2. ^ a b Hendrick, Burton J. (June 1912). "PERMANENT OWNERS OF NEW YORK". McClure's Magazine, Vol. 39, No. 2. S.S. McClure: 121–138. Retrieved 9 March 2017. 
  3. ^ [1]
  4. ^ a b c Times, Special To The New York (1 November 1957). "Peter G. Gerry, Ex-Senator, Dies Hours Before His Brother Robert; Rhode Island Democrat, 78, Was a Foe of New Deal-- Supported Strong Navy". The New York Times. Retrieved 9 March 2017. 
  5. ^ a b "GERRYS MAY SELL $18,000,000 REALTY; | Sons and Daughters Seek Consent to Transfer Big Holdings to Gerry Estates. | PARCELS IN HEART OF CITY | Include Properties Occupied by | W. & J. Sloane, Stern Bros. and Columbia University Club.". The New York Times. 23 May 1922. Retrieved 9 March 2017. 
  6. ^ Brayley, Arthur Wellington; Tarbell, Arthur Wilson; Chappel, Joe Mitchell (1913). AFFAIRS AT WASHINGTON. National Magazine. Retrieved 9 March 2017. 
  7. ^ Times, Special To The New York (4 August 1915). "GROOM GERRY FOR SENATE.; Rhode Island Friends Enter Him in Next Year's Race.". The New York Times. Retrieved 9 March 2017. 
  8. ^ "PETER G. GERRY.". The New York Times. November 8, 1934. Retrieved 9 March 2017. 
  9. ^ a b Devine, Michael J. (February 2000). "Welles, Sumner (14 Oct. 1892-24 Sept. 1961)". www.anb.org. Oxford University Press: American National Biography Online. Archived from the original on 9 March 2017. Retrieved 9 March 2017.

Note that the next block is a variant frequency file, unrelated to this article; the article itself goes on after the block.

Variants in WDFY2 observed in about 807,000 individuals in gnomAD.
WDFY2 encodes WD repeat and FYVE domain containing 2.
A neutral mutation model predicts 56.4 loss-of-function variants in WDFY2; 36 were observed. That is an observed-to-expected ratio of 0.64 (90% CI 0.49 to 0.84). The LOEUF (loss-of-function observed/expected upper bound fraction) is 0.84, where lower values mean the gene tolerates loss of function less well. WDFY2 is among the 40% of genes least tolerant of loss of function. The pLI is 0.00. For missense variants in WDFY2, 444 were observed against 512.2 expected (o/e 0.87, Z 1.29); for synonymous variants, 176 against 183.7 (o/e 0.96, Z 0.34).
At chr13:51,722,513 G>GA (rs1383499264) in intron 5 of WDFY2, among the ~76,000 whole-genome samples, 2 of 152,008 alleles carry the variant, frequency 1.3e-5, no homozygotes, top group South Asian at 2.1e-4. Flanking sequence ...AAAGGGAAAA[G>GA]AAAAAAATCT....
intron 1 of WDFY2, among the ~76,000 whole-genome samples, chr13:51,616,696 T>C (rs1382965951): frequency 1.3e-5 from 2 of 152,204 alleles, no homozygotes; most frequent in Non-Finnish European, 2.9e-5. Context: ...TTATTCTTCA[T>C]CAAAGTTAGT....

10. ^ After his death in 1914, she inherited his $50,000,000 estate and later sold the land around the Biltmore Estate to the United States Forest Service. This became part of the Pisgah National Forest.
  11. ^ "Edith Vanderbilt Wed to P.G. Gerry. Marriage by London Registrar Is Followed by Service at the Savoy Chapel". New York Times. October 23, 1925. 
  12. ^ "Miss Vanderbilt Reported Engaged. Cornelia Said to Be Betrothed to the Hon. John F.A. Cecil of British Embassy". New York Times. March 6, 1924. Retrieved 2015-03-09. 
  13. ^ "John Cecil, Ex-Aide Of British Embassy". New York Times. Associated Press. October 23, 1954. Retrieved 2015-03-09. 
  14. ^ "Mrs. Peter G. Gerry". New York Times. December 22, 1958. 

Further reading[edit]

External links[edit]

U.S. House of Representatives
Preceded by
George H. Utter
Member of the U.S. House of Representatives
from Rhode Island's 2nd congressional district

1913–1915
Succeeded by
Walter Russell Stiness
U.S. Senate
Preceded by
Henry F. Lippitt
U.S. Senator (Class 1) from Rhode Island
1917–1929
Served alongside: LeBaron B. Colt, Jesse H. Metcalf
Succeeded by
Felix Hebert
Preceded by
Felix Hebert
U.S. Senator (Class 1) from Rhode Island
1935–1947
Served alongside: Jesse H. Metcalf, Theodore F. Green
Succeeded by
James H. McGrath